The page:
Every time I see the “Suzy” anti-smoking ad, those words come out of my mouth. And every time I say that my wife says to me, “You shouldn’t hate it, you should dislike it”. But really I hate it! The more I see it, the more I get offended. If the TV remote is close enough I’ll push the mute button so I don’t have to hear it.
During my rehabilitation, when I realized we were going to have to have someone come into our house every morning to do my morning hygiene and dress me I was mortified. Over my first 55 years I had become a very private person and carefully controlled the parts of myself I revealed to others. Now someone was going to be injected into my life, invading the most private parts of me. Embarrassment and humility are among the earliest casualties when a person is disabled by quadriplegia. We are so fortunate to have two wonderful nurses and a third available when necessary. My primary nurse, Rhonda, has been with us over 13 years, and she and her children have become part of our family. JoAnn, our weekend nurse, has been working for us about six years, and she too has become an important member of our family. They are both able to walk the very fine line that separates professional intimacy from demeaning embarrassment. My morning routine is the same every day, but somehow mentally, I have adjusted to the invasion of my privacy.
The “Suzy” ad verbalizes the most degrading aspects of this type of dependency which is probably much different for a man than a woman. It shines a light for everyone to see the most humiliating aspect of being so dependent. “Suzy” arrived at her condition as a result of conscious choices she made. When I was in my early 20s my wife and I both stopped smoking when the dangerous aspects of the habit were revealed. On the other hand, at the age of 55, I was struck by an ocean wave while standing in waist deep water with over 100 other people resulting in my quadriplegia. The Christopher and Dana Reeve Foundation estimates there are over 1,275,000 people with spinal cord injury in the United States with the numbers growing daily. Add to this countless victims of stroke and other causes resulting in paralysis. Why should this ad offend and expose those people to embarrassment, humiliation and sadness by reinforcing their own dependency. At the end of the ad “Suzy” does not even express regret for her decision to smoke or the circumstances she finds herself in, but rather tells people “My tip to you is to enjoy your independence now”. Is this the message intended by the Center for Disease Control and the creators of such an advertisement?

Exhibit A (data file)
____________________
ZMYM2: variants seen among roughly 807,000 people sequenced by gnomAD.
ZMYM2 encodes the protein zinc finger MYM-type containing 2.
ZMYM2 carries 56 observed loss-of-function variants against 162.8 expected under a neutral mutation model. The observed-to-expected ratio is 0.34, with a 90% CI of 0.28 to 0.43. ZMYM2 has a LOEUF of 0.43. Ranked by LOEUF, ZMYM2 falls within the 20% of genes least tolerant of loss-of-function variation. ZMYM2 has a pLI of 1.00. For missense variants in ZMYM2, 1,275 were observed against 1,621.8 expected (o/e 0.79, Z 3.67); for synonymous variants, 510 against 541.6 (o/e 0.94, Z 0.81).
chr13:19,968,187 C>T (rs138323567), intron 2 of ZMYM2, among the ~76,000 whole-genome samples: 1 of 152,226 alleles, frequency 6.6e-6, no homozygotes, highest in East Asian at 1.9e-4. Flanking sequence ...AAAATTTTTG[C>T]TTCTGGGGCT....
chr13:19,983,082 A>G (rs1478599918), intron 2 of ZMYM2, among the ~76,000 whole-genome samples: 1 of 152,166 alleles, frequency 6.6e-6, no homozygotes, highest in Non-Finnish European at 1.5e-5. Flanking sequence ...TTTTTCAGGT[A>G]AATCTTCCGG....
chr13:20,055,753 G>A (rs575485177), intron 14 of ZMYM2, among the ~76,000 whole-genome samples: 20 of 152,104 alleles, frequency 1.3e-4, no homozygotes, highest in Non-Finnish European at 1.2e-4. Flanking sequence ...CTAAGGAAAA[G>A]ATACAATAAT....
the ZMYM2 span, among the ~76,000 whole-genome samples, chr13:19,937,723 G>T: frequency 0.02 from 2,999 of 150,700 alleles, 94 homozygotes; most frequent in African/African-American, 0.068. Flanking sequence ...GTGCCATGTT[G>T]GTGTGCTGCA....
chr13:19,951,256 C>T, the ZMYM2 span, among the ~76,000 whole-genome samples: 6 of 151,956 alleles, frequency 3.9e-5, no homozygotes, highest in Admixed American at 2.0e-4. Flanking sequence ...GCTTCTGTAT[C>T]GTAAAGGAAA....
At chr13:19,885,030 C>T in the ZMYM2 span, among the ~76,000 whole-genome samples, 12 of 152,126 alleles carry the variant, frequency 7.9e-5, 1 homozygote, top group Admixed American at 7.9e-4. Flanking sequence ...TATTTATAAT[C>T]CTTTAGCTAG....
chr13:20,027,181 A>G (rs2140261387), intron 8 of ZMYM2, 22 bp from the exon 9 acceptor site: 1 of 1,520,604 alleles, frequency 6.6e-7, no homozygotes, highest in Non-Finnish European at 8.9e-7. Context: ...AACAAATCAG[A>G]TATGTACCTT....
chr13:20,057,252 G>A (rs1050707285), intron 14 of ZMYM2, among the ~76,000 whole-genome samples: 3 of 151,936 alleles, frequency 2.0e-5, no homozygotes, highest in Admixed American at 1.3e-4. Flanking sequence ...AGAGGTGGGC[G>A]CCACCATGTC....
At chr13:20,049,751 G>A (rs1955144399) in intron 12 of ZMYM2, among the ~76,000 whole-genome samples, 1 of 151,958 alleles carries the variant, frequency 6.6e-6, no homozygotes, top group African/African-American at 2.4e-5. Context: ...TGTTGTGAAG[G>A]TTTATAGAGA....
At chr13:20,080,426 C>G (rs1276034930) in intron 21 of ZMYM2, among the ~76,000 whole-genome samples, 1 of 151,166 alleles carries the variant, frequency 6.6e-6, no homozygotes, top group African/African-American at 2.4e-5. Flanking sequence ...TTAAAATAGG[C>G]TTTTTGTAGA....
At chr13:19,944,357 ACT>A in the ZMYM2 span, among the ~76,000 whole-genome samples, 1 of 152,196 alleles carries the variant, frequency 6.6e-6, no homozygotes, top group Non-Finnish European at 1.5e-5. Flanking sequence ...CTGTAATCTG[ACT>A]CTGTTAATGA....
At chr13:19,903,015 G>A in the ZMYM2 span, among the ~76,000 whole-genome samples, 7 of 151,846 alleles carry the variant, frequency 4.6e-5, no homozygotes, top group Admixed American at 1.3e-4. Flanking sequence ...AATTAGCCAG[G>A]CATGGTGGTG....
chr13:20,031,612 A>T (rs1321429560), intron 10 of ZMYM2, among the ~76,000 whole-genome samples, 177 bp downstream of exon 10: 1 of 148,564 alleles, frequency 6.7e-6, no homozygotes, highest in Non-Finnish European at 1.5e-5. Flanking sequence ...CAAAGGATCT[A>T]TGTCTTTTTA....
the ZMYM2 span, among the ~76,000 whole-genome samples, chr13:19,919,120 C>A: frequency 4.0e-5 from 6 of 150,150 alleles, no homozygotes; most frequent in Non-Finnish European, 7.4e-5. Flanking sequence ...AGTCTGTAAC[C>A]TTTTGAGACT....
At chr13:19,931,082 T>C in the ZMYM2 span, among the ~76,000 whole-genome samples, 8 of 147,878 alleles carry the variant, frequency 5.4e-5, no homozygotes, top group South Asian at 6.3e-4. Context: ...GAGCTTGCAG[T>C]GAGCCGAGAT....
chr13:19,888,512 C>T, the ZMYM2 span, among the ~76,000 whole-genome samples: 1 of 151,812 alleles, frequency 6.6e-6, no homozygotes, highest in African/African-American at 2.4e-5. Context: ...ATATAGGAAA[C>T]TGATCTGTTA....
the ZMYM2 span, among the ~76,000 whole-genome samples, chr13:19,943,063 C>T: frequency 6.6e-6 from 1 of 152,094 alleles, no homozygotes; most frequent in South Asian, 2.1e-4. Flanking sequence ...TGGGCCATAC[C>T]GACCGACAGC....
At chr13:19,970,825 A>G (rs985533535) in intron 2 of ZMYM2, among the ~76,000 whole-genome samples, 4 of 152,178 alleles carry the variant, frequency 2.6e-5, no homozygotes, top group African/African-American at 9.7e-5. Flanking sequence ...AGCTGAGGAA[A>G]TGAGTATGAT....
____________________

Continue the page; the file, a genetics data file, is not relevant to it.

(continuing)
One would think the CDC, which is run by the government, could find a less offensive way to discourage smoking and spend taxpayers’ money. It seems the purpose of the message should encourage viewers to give up the habit of smoking or not to start, rather than to “enjoy your independence now.” I would certainly hope so.